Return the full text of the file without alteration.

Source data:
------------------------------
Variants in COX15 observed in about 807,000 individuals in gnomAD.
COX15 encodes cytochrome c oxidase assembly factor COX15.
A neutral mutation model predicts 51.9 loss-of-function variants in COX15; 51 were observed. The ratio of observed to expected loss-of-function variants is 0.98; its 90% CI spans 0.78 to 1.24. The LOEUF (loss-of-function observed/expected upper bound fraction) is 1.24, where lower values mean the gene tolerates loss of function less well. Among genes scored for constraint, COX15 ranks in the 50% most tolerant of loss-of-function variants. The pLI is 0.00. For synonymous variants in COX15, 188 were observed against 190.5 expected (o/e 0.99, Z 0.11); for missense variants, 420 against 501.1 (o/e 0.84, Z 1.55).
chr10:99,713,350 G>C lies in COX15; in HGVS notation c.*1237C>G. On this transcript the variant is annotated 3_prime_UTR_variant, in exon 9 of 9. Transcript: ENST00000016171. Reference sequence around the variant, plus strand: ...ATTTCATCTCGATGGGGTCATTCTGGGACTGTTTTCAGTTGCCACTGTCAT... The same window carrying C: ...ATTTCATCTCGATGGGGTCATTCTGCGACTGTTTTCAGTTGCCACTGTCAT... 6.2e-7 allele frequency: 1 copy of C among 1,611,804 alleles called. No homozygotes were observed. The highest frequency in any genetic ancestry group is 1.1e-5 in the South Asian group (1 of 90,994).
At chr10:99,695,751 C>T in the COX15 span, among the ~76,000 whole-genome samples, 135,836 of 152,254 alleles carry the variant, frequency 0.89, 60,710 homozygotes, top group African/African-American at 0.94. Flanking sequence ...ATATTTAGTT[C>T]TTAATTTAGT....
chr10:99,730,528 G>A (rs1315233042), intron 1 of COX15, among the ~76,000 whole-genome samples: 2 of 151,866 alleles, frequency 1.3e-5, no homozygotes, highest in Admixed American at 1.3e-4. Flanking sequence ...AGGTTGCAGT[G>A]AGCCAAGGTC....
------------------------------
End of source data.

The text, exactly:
Variants in COX15 observed in about 807,000 individuals in gnomAD.
COX15 encodes cytochrome c oxidase assembly factor COX15.
A neutral mutation model predicts 51.9 loss-of-function variants in COX15; 51 were observed. The ratio of observed to expected loss-of-function variants is 0.98; its 90% CI spans 0.78 to 1.24. The LOEUF (loss-of-function observed/expected upper bound fraction) is 1.24, where lower values mean the gene tolerates loss of function less well. Among genes scored for constraint, COX15 ranks in the 50% most tolerant of loss-of-function variants. The pLI is 0.00. For synonymous variants in COX15, 188 were observed against 190.5 expected (o/e 0.99, Z 0.11); for missense variants, 420 against 501.1 (o/e 0.84, Z 1.55).
chr10:99,713,350 G>C lies in COX15; in HGVS notation c.*1237C>G. On this transcript the variant is annotated 3_prime_UTR_variant, in exon 9 of 9. Transcript: ENST00000016171. Reference sequence around the variant, plus strand: ...ATTTCATCTCGATGGGGTCATTCTGGGACTGTTTTCAGTTGCCACTGTCAT... The same window carrying C: ...ATTTCATCTCGATGGGGTCATTCTGCGACTGTTTTCAGTTGCCACTGTCAT... 6.2e-7 allele frequency: 1 copy of C among 1,611,804 alleles called. No homozygotes were observed. The highest frequency in any genetic ancestry group is 1.1e-5 in the South Asian group (1 of 90,994).
At chr10:99,695,751 C>T in the COX15 span, among the ~76,000 whole-genome samples, 135,836 of 152,254 alleles carry the variant, frequency 0.89, 60,710 homozygotes, top group African/African-American at 0.94. Flanking sequence ...ATATTTAGTT[C>T]TTAATTTAGT....
chr10:99,730,528 G>A (rs1315233042), intron 1 of COX15, among the ~76,000 whole-genome samples: 2 of 151,866 alleles, frequency 1.3e-5, no homozygotes, highest in Admixed American at 1.3e-4. Flanking sequence ...AGGTTGCAGT[G>A]AGCCAAGGTC....